1.) How does this story address diversity? What kinds of diversity does it suggest? (cultural, geographic, economic, and rural vs. urban)
2.) What images of silver are used in this story? How do the images of the writer’s former life in Atlanta contrast with the images of silver in Wyoming? (silver spoons, silver concession truck, tarnished silver moon, car’s silver trim, silver jingles, silver building)
3.) What do you think of the quoted (italicized) sections of the textbook? Do you think they contribute to the story? How or how not?
4.) What role does the “natural world” play in this story?
5.) How do you think the Indian students at the high school felt after the murder? How did the Indian girls express their feelings? Do you think their silent protest was effective?
6.) Why do you think the writer didn’t dance at the powwow?
7.) How do you think she felt about being a substitute teacher?
8.) In this story, the writer is in an automobile accident, but she never says so directly. How does she say it? Why doesn’t she tell about it directly?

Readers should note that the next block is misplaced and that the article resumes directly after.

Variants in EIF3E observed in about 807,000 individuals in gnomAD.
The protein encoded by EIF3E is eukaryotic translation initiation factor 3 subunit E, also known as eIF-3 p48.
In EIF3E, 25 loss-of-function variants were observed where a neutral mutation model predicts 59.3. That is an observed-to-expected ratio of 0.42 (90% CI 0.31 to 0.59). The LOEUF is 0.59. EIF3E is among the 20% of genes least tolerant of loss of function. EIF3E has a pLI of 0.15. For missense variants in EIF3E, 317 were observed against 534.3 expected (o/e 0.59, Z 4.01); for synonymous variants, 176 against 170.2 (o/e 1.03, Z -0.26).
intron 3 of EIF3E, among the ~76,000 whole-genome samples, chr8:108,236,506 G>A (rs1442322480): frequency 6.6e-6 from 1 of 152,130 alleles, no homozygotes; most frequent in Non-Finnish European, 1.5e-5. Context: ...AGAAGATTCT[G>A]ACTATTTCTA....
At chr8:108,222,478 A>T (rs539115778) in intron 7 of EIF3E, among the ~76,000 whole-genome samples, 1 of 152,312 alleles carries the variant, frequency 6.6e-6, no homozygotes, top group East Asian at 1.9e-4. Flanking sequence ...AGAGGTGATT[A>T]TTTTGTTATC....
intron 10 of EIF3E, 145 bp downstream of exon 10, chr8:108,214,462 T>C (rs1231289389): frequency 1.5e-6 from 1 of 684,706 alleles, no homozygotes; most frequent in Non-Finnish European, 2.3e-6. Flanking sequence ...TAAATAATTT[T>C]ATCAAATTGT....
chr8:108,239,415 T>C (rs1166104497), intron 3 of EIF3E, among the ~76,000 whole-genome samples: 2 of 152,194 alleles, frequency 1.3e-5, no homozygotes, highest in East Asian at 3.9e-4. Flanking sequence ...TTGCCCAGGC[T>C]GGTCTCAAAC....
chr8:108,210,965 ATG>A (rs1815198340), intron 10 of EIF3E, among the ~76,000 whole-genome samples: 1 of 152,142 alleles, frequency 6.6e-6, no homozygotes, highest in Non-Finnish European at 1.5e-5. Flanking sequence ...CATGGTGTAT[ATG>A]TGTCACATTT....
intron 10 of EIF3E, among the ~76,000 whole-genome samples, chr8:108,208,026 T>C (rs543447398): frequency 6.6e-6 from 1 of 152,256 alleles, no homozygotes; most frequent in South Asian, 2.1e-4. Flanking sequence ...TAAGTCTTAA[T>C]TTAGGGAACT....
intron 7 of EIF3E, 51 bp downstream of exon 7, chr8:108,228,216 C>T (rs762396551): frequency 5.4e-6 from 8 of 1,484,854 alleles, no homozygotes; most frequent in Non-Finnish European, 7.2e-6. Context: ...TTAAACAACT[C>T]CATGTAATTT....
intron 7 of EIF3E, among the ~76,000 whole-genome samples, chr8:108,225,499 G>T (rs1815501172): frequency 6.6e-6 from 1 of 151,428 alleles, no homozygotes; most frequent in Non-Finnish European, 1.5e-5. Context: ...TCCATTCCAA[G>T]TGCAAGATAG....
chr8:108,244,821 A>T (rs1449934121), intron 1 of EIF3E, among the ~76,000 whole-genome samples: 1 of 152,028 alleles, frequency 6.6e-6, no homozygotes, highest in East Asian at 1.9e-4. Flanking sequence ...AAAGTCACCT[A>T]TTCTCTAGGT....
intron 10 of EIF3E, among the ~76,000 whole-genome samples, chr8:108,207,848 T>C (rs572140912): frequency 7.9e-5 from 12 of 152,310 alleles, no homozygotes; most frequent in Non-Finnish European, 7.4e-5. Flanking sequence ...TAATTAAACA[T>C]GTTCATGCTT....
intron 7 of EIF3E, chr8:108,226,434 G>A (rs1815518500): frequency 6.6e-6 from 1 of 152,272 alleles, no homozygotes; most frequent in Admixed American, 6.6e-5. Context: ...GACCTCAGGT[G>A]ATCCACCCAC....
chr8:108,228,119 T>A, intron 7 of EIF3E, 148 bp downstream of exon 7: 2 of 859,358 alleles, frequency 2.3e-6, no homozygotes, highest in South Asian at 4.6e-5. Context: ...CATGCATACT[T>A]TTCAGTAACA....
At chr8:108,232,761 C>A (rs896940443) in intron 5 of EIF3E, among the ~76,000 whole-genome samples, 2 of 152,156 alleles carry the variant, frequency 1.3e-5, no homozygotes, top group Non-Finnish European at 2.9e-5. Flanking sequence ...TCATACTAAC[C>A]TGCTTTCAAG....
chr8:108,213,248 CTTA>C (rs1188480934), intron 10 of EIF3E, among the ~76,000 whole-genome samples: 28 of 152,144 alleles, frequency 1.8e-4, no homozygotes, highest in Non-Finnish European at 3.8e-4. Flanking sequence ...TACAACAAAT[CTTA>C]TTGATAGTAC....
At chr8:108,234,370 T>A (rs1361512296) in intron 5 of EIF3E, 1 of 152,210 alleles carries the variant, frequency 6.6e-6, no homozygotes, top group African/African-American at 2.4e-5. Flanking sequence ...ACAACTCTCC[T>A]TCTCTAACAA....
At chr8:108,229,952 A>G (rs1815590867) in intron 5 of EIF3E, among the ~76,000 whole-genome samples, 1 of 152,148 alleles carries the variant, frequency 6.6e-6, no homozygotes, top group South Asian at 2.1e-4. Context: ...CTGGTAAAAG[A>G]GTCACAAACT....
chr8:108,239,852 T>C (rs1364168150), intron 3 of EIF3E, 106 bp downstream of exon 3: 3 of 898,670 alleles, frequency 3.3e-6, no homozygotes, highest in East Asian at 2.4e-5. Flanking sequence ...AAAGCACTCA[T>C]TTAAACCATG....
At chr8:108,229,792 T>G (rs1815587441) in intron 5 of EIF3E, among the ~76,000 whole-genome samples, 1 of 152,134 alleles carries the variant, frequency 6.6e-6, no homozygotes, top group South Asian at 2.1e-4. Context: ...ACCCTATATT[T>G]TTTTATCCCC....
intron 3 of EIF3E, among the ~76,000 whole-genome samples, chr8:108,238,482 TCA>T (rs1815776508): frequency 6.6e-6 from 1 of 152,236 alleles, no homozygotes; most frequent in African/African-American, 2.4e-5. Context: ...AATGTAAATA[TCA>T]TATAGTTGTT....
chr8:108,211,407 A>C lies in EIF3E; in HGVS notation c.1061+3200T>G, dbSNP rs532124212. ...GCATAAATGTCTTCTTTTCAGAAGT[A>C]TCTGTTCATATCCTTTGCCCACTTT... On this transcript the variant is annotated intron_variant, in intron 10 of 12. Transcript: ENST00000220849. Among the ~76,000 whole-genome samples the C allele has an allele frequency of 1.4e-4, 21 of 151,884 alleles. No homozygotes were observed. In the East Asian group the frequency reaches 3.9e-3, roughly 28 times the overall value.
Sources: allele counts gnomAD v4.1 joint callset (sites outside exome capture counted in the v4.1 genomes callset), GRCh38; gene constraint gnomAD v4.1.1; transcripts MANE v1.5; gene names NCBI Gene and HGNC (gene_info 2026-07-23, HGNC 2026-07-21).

9.) Toward the end of the story, why does the writer say, “I wish I’d worn something else”?
10.) What do you think the writer means at the end of the story when she says, “I’ve dropped a teaspoon down the garbage disposal. I don’t know how to pick up a feather that has fallen. I don’t have a thesis.”?
11.) Do we know why the boy was murdered? Where was his body found? Is this important?
Jump Start : Choose one of the following questions as the springboard for your own personal essay.
1.) This story appeared in the “Diversity Dialogues” issue of Creative Nonfiction. What does “diversity” mean to you?
2.) How far do you live from your nearest mall? How does your proximity to a major shopping center affect your life? How far do you live from the nearest wilderness area? How does this affect your life?
3.) Have you ever been in circumstances in which you were in the minority? Is it rare or is it often? How did you (do you) feel and deal with this situation?
For further reading the author suggests: What You See in Clear Water: Life on the Wind River Reservation by Geoffrey O’Gara